Again, it gives evidence of your professionalism that you take these things seriously. I remember one famous hedge fund; their report looked like it was done by a freshman in college. They said, “That doesn’t matter, it’s the numbers that matter.” But that’s not always going to be the case. And secondly, it’s not even that difficult. A large organization can find someone that can communicate well on its behalf.

How do we get better at communicating?

The first thing is to do an honest inventory. If you struggle with written communication then you should focus on that. Maybe you want to become more comfortable presenting to the investment committee. Public speaking is one of people’s greatest phobias. If your career path requires public speaking then you’ll need to get past those phobias. That’s where Toastmasters or some other avenue will give you the practice you need.

It might mean reaching out to others in your organization. Usually there are people in an organization that stand out in terms of their ability to write or speak. Those are the people to emulate. Seek their advice. It would be best if organizations provided training and had experts to help in that process. If that’s not the case, you may need to seek out people who can provide you with feedback.

Can technology help us communicate?

There is something called the Hemingway Editor. It’s a desktop app that provides some assistance. It will tell you what grade level you’re communicating at. You don’t want to be communicating at a PhD level, for example! I think we are going to see much more of this going forward. There are also tools that can provide realistic analysis of conference calls. These linguistic tools are going to be used by others to evaluate all of us going forward — principally for risk signals. You can figure out where there are greater risks by how people are communicating, the kind of language they use.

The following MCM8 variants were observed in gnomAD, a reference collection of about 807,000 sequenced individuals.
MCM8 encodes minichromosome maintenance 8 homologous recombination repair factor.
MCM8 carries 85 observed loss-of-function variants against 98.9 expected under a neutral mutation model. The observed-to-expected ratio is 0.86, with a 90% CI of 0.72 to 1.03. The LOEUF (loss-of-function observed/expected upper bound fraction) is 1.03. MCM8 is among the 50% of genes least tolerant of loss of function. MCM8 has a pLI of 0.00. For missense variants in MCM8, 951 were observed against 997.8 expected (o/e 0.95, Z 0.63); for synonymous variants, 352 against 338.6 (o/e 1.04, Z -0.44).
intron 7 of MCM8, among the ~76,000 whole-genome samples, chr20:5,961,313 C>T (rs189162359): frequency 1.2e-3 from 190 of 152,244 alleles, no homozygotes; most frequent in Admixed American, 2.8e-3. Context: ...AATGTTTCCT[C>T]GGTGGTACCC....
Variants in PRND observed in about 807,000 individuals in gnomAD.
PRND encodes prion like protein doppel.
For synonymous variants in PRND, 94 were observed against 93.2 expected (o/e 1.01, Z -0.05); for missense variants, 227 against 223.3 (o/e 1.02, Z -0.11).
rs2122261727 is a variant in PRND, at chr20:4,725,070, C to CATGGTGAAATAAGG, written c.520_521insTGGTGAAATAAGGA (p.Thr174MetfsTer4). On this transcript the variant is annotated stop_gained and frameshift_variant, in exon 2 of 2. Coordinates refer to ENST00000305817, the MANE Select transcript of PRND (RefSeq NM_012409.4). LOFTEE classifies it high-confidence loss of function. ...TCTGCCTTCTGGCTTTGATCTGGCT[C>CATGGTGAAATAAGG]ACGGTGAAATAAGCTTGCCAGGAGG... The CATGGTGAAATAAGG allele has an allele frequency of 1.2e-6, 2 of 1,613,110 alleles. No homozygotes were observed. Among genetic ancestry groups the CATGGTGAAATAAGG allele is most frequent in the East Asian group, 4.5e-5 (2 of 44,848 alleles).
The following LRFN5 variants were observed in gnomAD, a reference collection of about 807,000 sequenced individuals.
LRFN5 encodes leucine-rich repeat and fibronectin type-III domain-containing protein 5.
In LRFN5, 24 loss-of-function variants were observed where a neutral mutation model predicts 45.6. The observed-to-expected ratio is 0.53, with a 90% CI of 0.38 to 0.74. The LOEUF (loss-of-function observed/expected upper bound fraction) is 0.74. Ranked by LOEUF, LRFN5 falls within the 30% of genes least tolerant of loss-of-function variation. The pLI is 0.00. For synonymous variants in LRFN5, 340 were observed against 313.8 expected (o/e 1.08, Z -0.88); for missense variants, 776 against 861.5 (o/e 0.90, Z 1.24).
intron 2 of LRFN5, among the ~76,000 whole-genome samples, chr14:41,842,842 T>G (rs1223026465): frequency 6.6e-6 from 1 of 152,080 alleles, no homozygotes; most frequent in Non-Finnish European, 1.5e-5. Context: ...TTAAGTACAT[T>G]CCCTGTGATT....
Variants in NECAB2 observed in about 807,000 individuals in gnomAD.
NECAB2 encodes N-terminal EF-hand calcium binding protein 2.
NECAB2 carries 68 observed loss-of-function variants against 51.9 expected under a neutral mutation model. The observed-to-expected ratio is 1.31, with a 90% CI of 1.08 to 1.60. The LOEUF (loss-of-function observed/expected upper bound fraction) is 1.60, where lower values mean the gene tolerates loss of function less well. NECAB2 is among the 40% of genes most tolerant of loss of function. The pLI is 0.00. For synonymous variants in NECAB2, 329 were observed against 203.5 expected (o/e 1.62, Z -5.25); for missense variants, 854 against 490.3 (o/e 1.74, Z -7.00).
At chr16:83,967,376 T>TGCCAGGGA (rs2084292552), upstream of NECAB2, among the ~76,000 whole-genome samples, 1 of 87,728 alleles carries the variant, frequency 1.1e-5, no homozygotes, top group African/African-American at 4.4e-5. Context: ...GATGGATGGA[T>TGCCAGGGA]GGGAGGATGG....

That’s an interesting avenue for the future: being evaluated as individuals or as the representatives of investment organizations. I think the same kind of tools can give us some feedback on our own communication performance. Are we easy to understand? Or are there signs that say, “Wait a minute, this is troublesome for one reason or another”?

What else can the Hemingway Editor do?

There are usage counts for different adverbs; it warns you against using too many adverbs. It also analyzes your writing patterns. It can identify the frequency that you use certain words. In a lot of cases, we become boxed in to using the same repetitive words. When we write about the same kind of subjects over and over — as can happen in the investment world — it’s easy to use the same words again and again. I would love to find new words to use, but it just doesn’t happen.

The Hemingway Editor also evaluates the complexity of your sentences. That’s really a good feature for investment people, because they can write some incredibly complex sentences. So, the editor highlights hard-to-read sentences. It will also suggest simpler alternatives to complex words.

What’s the bottom line? That good communication broadens our audience (and number of collaborators)?

The analyst who writes a research report that can only be understood by those with an equal level of expertise is losing an opportunity to communicate more broadly. It might be because of the density of information or the jargon or the acronyms. The end result is that it’s a narrower audience; because of the way it’s written, we cannot understand what you’re saying. Literally, we cannot understand what you’re saying.

That shouldn’t be the case. Language should be a conduit for me to understand another’s ideas, not an obstruction. On the bright side, if you can write in a way that’s accessible, even if it’s only on the front page and you get into the details in later pages, you’ll have more readers. All of a sudden, any portfolio manager might be reading, not just a manager who’s an expert on your topic. An analyst who doesn’t have knowledge in your area might become a reader. An investor, or anyone, will be able to read your report. All those people may want to do business with you.

This article originally ran in the September 2016 issue of CFA Institute Magazine.

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All posts are the opinion of the author. As such, they should not be construed as investment advice, nor do the opinions expressed necessarily reflect the views of CFA Institute or the author’s employer.

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About the Author(s)
Nathaniel Jaye